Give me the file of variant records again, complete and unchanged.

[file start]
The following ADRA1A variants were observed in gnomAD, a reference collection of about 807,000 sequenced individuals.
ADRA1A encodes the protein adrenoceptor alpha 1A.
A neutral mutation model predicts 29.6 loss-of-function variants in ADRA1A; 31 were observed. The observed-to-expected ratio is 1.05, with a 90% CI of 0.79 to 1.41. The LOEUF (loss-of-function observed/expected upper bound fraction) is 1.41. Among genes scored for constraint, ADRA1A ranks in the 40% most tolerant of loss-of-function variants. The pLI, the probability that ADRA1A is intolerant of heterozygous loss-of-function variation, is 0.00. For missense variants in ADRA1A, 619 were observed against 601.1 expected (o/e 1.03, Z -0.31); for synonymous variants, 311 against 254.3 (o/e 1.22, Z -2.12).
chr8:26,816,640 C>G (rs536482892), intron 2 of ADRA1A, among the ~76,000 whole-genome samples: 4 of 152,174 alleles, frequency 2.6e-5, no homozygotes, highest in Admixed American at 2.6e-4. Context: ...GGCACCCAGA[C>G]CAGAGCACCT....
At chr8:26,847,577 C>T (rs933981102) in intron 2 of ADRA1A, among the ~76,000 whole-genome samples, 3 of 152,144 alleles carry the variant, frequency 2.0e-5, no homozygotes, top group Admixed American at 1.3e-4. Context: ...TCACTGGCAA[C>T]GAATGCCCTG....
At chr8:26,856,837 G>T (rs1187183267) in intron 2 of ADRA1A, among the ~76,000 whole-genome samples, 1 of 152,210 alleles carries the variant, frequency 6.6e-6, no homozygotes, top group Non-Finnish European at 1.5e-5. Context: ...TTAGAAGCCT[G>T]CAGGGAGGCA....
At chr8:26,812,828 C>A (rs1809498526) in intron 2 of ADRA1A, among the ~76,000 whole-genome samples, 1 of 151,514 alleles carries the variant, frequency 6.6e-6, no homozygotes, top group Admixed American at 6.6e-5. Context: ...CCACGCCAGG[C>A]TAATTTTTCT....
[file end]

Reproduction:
The following ADRA1A variants were observed in gnomAD, a reference collection of about 807,000 sequenced individuals.
ADRA1A encodes the protein adrenoceptor alpha 1A.
A neutral mutation model predicts 29.6 loss-of-function variants in ADRA1A; 31 were observed. The observed-to-expected ratio is 1.05, with a 90% CI of 0.79 to 1.41. The LOEUF (loss-of-function observed/expected upper bound fraction) is 1.41. Among genes scored for constraint, ADRA1A ranks in the 40% most tolerant of loss-of-function variants. The pLI, the probability that ADRA1A is intolerant of heterozygous loss-of-function variation, is 0.00. For missense variants in ADRA1A, 619 were observed against 601.1 expected (o/e 1.03, Z -0.31); for synonymous variants, 311 against 254.3 (o/e 1.22, Z -2.12).
chr8:26,816,640 C>G (rs536482892), intron 2 of ADRA1A, among the ~76,000 whole-genome samples: 4 of 152,174 alleles, frequency 2.6e-5, no homozygotes, highest in Admixed American at 2.6e-4. Context: ...GGCACCCAGA[C>G]CAGAGCACCT....
At chr8:26,847,577 C>T (rs933981102) in intron 2 of ADRA1A, among the ~76,000 whole-genome samples, 3 of 152,144 alleles carry the variant, frequency 2.0e-5, no homozygotes, top group Admixed American at 1.3e-4. Context: ...TCACTGGCAA[C>T]GAATGCCCTG....
At chr8:26,856,837 G>T (rs1187183267) in intron 2 of ADRA1A, among the ~76,000 whole-genome samples, 1 of 152,210 alleles carries the variant, frequency 6.6e-6, no homozygotes, top group Non-Finnish European at 1.5e-5. Context: ...TTAGAAGCCT[G>T]CAGGGAGGCA....
At chr8:26,812,828 C>A (rs1809498526) in intron 2 of ADRA1A, among the ~76,000 whole-genome samples, 1 of 151,514 alleles carries the variant, frequency 6.6e-6, no homozygotes, top group Admixed American at 6.6e-5. Context: ...CCACGCCAGG[C>A]TAATTTTTCT....